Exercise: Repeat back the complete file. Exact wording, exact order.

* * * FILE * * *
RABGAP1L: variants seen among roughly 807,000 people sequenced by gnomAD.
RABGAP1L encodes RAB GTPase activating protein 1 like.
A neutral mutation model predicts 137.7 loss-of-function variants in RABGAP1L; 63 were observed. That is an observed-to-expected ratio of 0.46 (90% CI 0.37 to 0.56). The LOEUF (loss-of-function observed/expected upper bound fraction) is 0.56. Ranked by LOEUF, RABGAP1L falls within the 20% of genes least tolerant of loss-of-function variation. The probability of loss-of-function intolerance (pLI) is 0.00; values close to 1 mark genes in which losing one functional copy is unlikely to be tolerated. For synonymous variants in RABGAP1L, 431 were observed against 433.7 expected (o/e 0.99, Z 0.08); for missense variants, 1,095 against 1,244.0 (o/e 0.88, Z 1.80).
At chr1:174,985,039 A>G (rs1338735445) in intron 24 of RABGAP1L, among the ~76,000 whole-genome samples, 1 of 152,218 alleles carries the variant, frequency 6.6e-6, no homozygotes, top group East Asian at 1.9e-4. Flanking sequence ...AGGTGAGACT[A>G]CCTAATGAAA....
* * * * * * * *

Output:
RABGAP1L: variants seen among roughly 807,000 people sequenced by gnomAD.
RABGAP1L encodes RAB GTPase activating protein 1 like.
A neutral mutation model predicts 137.7 loss-of-function variants in RABGAP1L; 63 were observed. That is an observed-to-expected ratio of 0.46 (90% CI 0.37 to 0.56). The LOEUF (loss-of-function observed/expected upper bound fraction) is 0.56. Ranked by LOEUF, RABGAP1L falls within the 20% of genes least tolerant of loss-of-function variation. The probability of loss-of-function intolerance (pLI) is 0.00; values close to 1 mark genes in which losing one functional copy is unlikely to be tolerated. For synonymous variants in RABGAP1L, 431 were observed against 433.7 expected (o/e 0.99, Z 0.08); for missense variants, 1,095 against 1,244.0 (o/e 0.88, Z 1.80).
At chr1:174,985,039 A>G (rs1338735445) in intron 24 of RABGAP1L, among the ~76,000 whole-genome samples, 1 of 152,218 alleles carries the variant, frequency 6.6e-6, no homozygotes, top group East Asian at 1.9e-4. Flanking sequence ...AGGTGAGACT[A>G]CCTAATGAAA....